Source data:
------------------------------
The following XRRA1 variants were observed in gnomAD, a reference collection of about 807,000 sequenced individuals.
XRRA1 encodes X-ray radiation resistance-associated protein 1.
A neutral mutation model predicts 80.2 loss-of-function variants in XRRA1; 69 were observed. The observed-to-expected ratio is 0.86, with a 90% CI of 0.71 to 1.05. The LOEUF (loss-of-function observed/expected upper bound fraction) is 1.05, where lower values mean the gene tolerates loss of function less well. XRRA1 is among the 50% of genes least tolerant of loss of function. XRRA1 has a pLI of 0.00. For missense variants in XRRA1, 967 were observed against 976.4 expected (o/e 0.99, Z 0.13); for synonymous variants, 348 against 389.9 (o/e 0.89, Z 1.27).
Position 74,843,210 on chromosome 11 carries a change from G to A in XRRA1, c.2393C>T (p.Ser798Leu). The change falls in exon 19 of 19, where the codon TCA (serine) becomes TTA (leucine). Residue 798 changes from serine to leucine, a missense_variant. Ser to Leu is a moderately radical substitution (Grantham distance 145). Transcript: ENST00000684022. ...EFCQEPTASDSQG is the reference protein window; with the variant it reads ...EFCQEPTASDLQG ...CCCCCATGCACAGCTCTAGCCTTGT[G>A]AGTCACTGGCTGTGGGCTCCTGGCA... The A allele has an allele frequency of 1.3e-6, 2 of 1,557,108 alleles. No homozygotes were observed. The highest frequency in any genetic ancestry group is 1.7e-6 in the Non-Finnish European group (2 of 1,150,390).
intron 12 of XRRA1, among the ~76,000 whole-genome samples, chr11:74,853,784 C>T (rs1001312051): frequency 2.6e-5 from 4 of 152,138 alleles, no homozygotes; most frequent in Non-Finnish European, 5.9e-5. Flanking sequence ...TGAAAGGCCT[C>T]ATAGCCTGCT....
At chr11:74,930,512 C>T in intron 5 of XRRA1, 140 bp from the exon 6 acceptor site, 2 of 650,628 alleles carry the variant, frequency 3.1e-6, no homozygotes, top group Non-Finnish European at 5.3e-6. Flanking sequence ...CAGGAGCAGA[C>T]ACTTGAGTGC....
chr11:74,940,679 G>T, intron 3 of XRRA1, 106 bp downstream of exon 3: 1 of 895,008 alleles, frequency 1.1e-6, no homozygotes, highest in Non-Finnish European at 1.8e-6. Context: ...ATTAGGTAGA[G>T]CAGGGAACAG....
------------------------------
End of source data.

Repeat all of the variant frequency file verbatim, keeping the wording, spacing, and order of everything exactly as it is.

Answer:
The following XRRA1 variants were observed in gnomAD, a reference collection of about 807,000 sequenced individuals.
XRRA1 encodes X-ray radiation resistance-associated protein 1.
A neutral mutation model predicts 80.2 loss-of-function variants in XRRA1; 69 were observed. The observed-to-expected ratio is 0.86, with a 90% CI of 0.71 to 1.05. The LOEUF (loss-of-function observed/expected upper bound fraction) is 1.05, where lower values mean the gene tolerates loss of function less well. XRRA1 is among the 50% of genes least tolerant of loss of function. XRRA1 has a pLI of 0.00. For missense variants in XRRA1, 967 were observed against 976.4 expected (o/e 0.99, Z 0.13); for synonymous variants, 348 against 389.9 (o/e 0.89, Z 1.27).
Position 74,843,210 on chromosome 11 carries a change from G to A in XRRA1, c.2393C>T (p.Ser798Leu). The change falls in exon 19 of 19, where the codon TCA (serine) becomes TTA (leucine). Residue 798 changes from serine to leucine, a missense_variant. Ser to Leu is a moderately radical substitution (Grantham distance 145). Transcript: ENST00000684022. ...EFCQEPTASDSQG is the reference protein window; with the variant it reads ...EFCQEPTASDLQG ...CCCCCATGCACAGCTCTAGCCTTGT[G>A]AGTCACTGGCTGTGGGCTCCTGGCA... The A allele has an allele frequency of 1.3e-6, 2 of 1,557,108 alleles. No homozygotes were observed. The highest frequency in any genetic ancestry group is 1.7e-6 in the Non-Finnish European group (2 of 1,150,390).
intron 12 of XRRA1, among the ~76,000 whole-genome samples, chr11:74,853,784 C>T (rs1001312051): frequency 2.6e-5 from 4 of 152,138 alleles, no homozygotes; most frequent in Non-Finnish European, 5.9e-5. Flanking sequence ...TGAAAGGCCT[C>T]ATAGCCTGCT....
At chr11:74,930,512 C>T in intron 5 of XRRA1, 140 bp from the exon 6 acceptor site, 2 of 650,628 alleles carry the variant, frequency 3.1e-6, no homozygotes, top group Non-Finnish European at 5.3e-6. Flanking sequence ...CAGGAGCAGA[C>T]ACTTGAGTGC....
chr11:74,940,679 G>T, intron 3 of XRRA1, 106 bp downstream of exon 3: 1 of 895,008 alleles, frequency 1.1e-6, no homozygotes, highest in Non-Finnish European at 1.8e-6. Context: ...ATTAGGTAGA[G>T]CAGGGAACAG....